Paleohacks data leak exposes customer records, password reset tokens

The leak wasn’t dealt with until Amazon was contacted directly.
Written by Charlie Osborne, Contributing Writer

A popular online resource for paleo recipes and tips was the source of a data leak impacting roughly 70,000 users. 

On Thursday, researchers from vpnMentor revealed a misconfigured Amazon AWS S3 bucket as the central point of the data breach, in which the account was used to store the private data and records of users. 

Los Angeles-based Paleohacks runs a website containing recipes, meal plans, and articles on the paleolithic lifestyle, including downloadable guides, a forum, and an e-commerce store. 

The team, led by Noam Rotem, said that there was a failure to implement "basic data security protocols" on the S3 bucket, and such misconfiguration means that there were no access limits to the public. 

The bucket contained roughly 6,000 files containing the records of approximately 69,000 users. According to the researchers, the content spanned from 2015 and 2020 and included personally identifiable information (PII) including full names, email addresses, IP addresses, login timestamps, locations, dates of birth, bios, and profile pictures.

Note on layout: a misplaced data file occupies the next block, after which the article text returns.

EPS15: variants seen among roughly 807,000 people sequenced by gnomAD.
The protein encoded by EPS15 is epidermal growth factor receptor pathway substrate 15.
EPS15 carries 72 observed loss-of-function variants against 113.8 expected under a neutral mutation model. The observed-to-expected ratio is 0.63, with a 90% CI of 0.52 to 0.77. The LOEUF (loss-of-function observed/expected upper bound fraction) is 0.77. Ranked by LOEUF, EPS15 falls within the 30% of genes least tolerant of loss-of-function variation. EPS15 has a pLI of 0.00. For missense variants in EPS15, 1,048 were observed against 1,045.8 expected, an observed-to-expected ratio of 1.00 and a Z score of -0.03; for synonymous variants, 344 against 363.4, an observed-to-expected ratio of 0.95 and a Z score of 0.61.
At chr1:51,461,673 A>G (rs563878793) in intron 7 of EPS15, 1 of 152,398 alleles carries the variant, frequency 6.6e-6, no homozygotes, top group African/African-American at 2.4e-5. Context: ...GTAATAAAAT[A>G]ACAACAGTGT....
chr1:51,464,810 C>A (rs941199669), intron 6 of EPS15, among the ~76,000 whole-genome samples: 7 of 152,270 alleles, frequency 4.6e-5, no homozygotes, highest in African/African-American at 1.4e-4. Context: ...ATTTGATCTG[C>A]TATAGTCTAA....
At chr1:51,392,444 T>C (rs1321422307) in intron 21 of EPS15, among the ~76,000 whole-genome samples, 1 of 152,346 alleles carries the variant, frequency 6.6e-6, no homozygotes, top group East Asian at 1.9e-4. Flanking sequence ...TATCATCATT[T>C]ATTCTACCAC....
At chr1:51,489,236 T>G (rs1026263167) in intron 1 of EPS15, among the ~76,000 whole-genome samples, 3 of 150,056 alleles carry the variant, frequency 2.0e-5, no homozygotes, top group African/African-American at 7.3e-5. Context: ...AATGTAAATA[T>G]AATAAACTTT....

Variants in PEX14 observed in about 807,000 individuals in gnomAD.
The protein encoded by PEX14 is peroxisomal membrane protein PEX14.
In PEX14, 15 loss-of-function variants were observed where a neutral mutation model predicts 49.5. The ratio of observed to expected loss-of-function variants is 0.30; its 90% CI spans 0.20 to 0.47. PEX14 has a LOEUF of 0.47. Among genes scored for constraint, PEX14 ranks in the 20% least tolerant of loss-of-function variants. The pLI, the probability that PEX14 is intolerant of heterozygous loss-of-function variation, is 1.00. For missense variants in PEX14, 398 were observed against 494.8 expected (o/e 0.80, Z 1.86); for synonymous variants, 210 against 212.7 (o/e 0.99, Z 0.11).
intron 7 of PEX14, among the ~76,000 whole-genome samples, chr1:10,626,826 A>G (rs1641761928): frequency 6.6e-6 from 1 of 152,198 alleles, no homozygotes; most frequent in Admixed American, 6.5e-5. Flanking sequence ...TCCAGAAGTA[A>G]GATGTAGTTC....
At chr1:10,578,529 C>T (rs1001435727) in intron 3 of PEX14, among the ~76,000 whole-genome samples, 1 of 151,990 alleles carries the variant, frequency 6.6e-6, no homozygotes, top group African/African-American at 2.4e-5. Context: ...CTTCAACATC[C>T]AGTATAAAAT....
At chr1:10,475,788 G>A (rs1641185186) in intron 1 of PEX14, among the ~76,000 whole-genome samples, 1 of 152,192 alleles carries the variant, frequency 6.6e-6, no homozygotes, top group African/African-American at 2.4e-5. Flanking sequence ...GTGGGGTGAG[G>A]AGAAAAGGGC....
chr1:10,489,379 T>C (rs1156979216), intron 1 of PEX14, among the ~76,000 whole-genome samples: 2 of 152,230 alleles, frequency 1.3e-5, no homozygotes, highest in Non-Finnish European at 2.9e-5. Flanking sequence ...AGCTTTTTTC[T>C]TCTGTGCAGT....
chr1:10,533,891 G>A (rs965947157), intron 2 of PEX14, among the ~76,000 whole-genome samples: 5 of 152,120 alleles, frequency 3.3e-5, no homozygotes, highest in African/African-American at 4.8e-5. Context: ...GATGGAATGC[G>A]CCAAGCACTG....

While passwords were hashed, vpnMentor said that some entries also contained password reset tokens for subscription and membership services. These tokens were protected via the BCRYPT hashing algorithm but it could still be possible to abuse the tokens to hijack user accounts. 

The unsecured bucket was discovered on February 4. VpnMentor attempted to contact the vendor on February 7, 9, and March 17; however, there was no response. As a result, the team reached out to Amazon as a last resort.

It is not known if any unauthorized individuals have accessed the bucket. 

"Our team was able to access Paleohacks' S3 bucket because it was completely unsecured and unencrypted," the company says. "If you're a customer of Paleohacks and are concerned about how this breach might impact you, contact the company directly to determine what steps it's taking to protect your data."

Paleohacks has not responded to requests for comment at the time of publication. 

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